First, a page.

January 23, 2014 — Female and uninsured hospital patients are less likely to be transferred to other facilities, contributing to health care disparities for the groups, according to a study published Tuesday in the Annals of Internal Medicine, FierceHealthcare reports.
Researchers from the University of Pittsburgh School of Medicine, University of Iowa and University of Toronto examined nationwide data from 2010 on patients ages 18 through 64 who were diagnosed with biliary tract disease, chest pain, pneumonia, septicemia, and skin or subcutaneous infections.
The researchers compared the numbers of privately insured, publicly insured and uninsured patients who were transferred between acute care hospitals. In total, out of 315,748 patients discharged from 1,051 hospitals, transfer rates ranged from 1.3% of skin infection patients to 5.1% of septicemia patients.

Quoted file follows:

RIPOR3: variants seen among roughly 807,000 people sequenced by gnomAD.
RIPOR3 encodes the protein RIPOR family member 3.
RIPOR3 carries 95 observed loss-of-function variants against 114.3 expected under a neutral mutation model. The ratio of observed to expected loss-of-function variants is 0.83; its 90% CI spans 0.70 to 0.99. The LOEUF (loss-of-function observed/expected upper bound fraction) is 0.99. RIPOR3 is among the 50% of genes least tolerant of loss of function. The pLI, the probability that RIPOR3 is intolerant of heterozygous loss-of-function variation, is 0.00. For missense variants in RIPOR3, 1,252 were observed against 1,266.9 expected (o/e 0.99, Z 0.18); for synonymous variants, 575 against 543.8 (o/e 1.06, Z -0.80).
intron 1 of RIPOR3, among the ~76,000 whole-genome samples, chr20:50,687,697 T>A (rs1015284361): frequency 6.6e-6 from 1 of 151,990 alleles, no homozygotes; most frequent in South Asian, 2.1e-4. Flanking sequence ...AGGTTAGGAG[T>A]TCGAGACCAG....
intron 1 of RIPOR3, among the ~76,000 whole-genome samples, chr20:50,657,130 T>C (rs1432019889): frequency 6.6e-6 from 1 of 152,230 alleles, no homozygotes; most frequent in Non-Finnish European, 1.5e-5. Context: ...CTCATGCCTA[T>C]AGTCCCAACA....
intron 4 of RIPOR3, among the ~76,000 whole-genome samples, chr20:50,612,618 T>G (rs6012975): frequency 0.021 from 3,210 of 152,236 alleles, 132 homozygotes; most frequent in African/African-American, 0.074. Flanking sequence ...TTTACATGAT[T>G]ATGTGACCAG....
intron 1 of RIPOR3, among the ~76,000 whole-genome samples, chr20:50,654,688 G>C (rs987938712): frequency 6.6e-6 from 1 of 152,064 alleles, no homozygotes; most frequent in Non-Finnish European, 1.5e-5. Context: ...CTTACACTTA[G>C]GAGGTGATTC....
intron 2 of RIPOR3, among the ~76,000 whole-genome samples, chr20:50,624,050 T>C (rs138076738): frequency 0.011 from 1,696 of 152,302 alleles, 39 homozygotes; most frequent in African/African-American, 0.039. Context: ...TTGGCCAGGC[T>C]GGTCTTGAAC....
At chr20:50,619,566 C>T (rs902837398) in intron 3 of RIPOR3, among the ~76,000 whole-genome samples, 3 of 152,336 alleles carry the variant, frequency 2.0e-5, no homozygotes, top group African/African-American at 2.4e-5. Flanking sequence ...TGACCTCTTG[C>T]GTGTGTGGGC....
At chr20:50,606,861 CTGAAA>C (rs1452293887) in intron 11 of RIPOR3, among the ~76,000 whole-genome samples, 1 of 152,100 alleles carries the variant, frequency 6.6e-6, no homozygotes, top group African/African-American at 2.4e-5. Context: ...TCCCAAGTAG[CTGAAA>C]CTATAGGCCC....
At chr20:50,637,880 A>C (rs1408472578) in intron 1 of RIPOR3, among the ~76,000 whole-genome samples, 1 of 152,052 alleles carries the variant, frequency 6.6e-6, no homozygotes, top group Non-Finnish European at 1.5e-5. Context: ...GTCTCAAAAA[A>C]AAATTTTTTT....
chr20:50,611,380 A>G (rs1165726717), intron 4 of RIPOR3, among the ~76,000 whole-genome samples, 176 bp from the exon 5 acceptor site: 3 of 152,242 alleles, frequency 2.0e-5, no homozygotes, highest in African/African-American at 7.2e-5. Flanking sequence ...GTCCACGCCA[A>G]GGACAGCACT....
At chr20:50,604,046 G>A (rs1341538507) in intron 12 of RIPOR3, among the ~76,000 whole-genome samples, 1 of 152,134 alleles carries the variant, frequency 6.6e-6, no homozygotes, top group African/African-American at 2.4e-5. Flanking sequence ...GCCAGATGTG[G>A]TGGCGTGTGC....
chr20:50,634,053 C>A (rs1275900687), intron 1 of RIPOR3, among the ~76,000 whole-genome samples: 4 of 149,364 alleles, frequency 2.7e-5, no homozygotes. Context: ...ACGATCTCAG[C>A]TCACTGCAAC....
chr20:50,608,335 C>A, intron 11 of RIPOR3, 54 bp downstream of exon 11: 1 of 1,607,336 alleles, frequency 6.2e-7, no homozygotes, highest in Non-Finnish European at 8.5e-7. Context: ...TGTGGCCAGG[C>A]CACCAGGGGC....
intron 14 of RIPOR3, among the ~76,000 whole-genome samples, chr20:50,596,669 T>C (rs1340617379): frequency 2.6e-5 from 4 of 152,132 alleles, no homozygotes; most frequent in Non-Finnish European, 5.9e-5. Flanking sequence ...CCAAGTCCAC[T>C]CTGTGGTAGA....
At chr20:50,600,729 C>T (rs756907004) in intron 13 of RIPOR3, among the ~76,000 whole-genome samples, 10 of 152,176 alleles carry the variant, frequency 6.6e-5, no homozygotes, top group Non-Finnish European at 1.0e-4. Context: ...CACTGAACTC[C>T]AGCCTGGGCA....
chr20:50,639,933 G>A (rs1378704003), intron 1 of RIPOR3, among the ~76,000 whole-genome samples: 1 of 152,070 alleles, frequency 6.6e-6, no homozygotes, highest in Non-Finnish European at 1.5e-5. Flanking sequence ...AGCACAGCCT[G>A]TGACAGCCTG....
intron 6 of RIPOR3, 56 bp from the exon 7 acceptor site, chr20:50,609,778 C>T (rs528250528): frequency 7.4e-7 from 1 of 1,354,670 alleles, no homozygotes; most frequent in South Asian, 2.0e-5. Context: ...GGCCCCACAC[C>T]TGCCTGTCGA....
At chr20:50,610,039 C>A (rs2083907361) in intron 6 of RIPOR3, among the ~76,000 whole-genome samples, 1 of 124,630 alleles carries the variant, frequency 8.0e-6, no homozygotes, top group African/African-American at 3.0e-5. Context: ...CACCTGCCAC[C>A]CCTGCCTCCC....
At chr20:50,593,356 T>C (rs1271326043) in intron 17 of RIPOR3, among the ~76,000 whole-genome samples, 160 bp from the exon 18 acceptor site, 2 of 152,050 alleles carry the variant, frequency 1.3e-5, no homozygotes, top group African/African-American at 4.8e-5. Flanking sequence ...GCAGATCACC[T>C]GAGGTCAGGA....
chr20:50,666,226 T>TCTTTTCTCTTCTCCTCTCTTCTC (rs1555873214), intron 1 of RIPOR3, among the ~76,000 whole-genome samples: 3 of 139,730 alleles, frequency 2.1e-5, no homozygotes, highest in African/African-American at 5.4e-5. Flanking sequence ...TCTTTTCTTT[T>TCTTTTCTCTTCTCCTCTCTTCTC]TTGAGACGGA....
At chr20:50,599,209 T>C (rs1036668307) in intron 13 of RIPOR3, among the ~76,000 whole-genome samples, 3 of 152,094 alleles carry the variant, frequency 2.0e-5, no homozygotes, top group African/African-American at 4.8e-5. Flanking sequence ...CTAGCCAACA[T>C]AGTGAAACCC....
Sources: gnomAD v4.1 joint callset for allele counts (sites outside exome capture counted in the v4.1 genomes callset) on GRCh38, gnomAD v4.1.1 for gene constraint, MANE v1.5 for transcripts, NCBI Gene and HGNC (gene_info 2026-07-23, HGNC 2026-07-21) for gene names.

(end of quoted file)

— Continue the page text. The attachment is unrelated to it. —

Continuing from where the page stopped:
Women were significantly less likely than men to be transferred for all five diagnoses, the study found. In addition, the proportion of transferred uninsured patients was significantly lower than for insured patients for three of the five diagnoses.
Study lead author Janel Hanmer, an assistant professor of medicine at the University of Pittsburgh School of Medicine, said the researchers had "hypothesized that uninsured patients would be more likely to be transferred as hospitals tried to punt these unprofitable cases to other hospitals in the areas."
However, the study "suggest[s] that perhaps both the uninsured and women are not being transferred when they should be," she said (Sullivan, FierceHealthcare, 1/21).